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Is it possible to import the contents of another (existing) notebook into the current namespace in the same way that I can with a package?

I know that it would be best to use a .m or .wl file, and I know that they can be created from .nb, but I would like to avoid the hassle of having people doing these and I would like th ability to load directly a .nb.

For example, consider this scenario:

data.nb / data.wl

test = "This is a test";
x = f[2,4];

master.nb

f[a_, b_] := a^b;
Get[NotebookDirectory[]<>"data.nb"];
Print[test];
Print[x];

As that stand, evaluating master.nb results in:

test

x

On the other hand, if I Get the data.wl file instead, I get the desired output:

This is a test

16

There is a solution that uses NotebookEvaluate instead of Get (see this answer) but it requires the context of each notebook to be global and thus will fail for anyone who has set each notebooks' context to be independent of each other.

So how can I load a .nb file in such a way that it behaves like a package file?

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  • $\begingroup$ You can temporarily change CellContext of the notebook. $\endgroup$ – Kuba Apr 4 '16 at 9:55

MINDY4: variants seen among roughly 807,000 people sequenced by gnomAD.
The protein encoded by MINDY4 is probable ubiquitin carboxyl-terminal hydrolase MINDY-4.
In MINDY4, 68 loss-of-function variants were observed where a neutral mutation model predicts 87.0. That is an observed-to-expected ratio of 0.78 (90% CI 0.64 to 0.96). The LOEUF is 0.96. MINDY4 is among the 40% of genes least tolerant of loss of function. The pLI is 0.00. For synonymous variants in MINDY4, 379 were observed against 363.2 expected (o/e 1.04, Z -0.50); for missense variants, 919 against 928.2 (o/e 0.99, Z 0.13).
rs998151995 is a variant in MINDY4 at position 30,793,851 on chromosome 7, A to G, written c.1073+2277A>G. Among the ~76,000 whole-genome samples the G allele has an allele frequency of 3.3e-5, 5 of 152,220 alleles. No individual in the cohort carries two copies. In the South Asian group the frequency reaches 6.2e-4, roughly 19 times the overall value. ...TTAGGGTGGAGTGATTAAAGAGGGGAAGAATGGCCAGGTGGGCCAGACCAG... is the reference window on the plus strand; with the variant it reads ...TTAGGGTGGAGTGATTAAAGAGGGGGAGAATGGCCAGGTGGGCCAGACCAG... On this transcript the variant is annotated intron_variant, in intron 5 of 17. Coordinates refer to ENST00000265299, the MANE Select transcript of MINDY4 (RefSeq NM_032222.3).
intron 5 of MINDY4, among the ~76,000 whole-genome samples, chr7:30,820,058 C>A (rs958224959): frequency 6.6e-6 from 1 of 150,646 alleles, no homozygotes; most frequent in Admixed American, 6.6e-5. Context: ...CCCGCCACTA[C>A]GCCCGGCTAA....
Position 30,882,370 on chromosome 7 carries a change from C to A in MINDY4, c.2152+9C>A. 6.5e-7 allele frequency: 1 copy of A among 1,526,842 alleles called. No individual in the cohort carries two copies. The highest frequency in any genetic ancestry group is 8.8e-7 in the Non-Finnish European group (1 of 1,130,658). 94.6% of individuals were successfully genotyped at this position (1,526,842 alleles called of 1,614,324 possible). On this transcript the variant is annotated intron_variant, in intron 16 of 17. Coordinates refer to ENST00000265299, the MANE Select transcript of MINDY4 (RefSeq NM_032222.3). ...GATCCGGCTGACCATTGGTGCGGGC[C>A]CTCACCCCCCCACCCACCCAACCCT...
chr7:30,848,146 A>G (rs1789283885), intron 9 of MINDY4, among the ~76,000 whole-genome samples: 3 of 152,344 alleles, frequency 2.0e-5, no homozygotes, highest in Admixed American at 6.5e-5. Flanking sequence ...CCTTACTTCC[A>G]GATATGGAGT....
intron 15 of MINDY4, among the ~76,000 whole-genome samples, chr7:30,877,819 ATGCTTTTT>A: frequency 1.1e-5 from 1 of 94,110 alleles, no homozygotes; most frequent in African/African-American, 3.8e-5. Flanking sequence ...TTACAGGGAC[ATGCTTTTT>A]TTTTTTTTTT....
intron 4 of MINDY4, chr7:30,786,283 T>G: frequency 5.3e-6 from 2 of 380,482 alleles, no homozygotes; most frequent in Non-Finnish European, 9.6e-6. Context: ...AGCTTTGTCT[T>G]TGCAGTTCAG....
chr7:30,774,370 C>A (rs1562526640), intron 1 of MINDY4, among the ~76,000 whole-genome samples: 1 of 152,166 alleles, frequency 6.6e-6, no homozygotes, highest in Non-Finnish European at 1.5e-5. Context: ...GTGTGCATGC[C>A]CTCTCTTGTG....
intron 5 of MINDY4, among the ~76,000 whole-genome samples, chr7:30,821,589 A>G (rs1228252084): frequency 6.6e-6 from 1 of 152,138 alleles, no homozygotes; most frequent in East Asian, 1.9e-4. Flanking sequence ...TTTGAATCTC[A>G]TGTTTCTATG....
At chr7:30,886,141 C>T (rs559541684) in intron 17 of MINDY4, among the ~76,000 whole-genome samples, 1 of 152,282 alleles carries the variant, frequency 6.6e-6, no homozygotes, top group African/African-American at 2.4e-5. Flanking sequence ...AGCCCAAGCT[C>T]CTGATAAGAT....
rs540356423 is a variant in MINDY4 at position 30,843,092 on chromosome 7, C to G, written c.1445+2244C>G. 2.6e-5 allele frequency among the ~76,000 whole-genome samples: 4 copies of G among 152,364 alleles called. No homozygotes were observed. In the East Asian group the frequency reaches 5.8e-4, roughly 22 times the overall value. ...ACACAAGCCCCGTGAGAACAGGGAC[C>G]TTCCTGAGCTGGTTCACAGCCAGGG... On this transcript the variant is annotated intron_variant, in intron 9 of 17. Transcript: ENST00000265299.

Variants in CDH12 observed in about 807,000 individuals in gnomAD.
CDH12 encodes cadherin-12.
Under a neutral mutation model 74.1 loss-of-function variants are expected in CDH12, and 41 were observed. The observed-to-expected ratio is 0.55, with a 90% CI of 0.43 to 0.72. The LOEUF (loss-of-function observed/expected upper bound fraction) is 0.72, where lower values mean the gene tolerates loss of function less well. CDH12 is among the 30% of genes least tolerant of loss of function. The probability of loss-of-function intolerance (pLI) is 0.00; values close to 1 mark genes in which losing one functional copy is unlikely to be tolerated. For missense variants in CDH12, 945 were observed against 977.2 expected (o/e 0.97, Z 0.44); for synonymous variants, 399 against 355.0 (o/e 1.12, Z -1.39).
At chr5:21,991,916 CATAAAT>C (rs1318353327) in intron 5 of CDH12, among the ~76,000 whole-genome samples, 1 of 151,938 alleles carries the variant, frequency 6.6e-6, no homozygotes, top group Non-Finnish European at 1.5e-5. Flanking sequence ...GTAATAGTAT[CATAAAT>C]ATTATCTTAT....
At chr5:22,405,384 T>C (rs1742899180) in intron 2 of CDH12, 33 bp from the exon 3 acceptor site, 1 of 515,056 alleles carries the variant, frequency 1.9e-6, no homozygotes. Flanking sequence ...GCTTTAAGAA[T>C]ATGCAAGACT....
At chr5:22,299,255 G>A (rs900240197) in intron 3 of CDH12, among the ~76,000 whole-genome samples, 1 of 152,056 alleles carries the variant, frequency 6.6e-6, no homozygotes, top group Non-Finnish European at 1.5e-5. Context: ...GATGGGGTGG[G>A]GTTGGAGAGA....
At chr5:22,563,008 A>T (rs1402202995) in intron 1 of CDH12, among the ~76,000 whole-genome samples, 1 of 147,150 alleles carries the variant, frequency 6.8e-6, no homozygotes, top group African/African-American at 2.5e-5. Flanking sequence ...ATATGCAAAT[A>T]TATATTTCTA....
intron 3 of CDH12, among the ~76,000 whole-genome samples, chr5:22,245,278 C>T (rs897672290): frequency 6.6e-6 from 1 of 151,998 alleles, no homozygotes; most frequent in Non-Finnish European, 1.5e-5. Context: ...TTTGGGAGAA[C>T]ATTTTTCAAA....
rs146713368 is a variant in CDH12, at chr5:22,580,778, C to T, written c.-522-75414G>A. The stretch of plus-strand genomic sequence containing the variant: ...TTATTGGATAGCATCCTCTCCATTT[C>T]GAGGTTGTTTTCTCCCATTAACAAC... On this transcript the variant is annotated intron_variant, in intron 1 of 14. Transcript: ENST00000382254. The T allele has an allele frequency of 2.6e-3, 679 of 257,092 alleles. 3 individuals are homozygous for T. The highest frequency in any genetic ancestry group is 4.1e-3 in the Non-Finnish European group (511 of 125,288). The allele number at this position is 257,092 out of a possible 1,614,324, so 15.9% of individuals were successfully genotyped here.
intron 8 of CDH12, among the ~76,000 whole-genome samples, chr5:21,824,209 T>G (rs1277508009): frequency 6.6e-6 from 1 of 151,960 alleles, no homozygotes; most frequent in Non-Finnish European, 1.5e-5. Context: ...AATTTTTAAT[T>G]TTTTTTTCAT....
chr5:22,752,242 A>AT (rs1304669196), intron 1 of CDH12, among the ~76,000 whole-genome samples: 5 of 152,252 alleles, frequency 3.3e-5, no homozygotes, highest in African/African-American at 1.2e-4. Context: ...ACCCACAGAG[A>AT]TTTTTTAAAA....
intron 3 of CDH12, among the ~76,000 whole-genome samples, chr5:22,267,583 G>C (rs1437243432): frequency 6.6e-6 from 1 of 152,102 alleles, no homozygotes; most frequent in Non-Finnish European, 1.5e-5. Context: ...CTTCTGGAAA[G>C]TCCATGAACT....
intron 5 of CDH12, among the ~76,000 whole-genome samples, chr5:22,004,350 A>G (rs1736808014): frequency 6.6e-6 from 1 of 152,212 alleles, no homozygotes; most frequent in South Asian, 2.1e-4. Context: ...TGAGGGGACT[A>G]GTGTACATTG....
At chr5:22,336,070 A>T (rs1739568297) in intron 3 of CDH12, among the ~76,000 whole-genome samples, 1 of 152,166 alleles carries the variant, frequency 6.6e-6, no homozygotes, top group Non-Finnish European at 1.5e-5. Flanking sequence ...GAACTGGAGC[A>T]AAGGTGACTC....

• $\begingroup$ @Kuba Do you mean, open data.nb and modify the CellContext property manually? Or is there a way that this can be done programmatically? $\endgroup$ – JP-Ellis Apr 4 '16 at 10:27
  • $\begingroup$ You can use SetOptions or CurrentValue. $\endgroup$ – Kuba Apr 4 '16 at 10:29
  • $\begingroup$ @Kuba So using Get, I get a Notebook object, but I'm not sure how I can manipulate it and use SetOptions :/ Mathematica's documentation on this is rather limited too. $\endgroup$ – JP-Ellis Apr 4 '16 at 10:36
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You can temporarily change CellContext of the notebook with SetOptions or CurrentValue but if the notebook isn't opened yet, this is faster:

Module[{path, nb}
   ,
   path = (*path*);

   nb = NotebookOpen[ path, CellContext -> "Global`", Visible -> False];

   NotebookEvaluate[nb, InsertResults -> False];

   NotebookClose[nb]
] 

You can use $Context instead of "Global`" for general case.

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  • $\begingroup$ Awesome, that works perfectly with $Context :) $\endgroup$ – JP-Ellis Apr 4 '16 at 11:13

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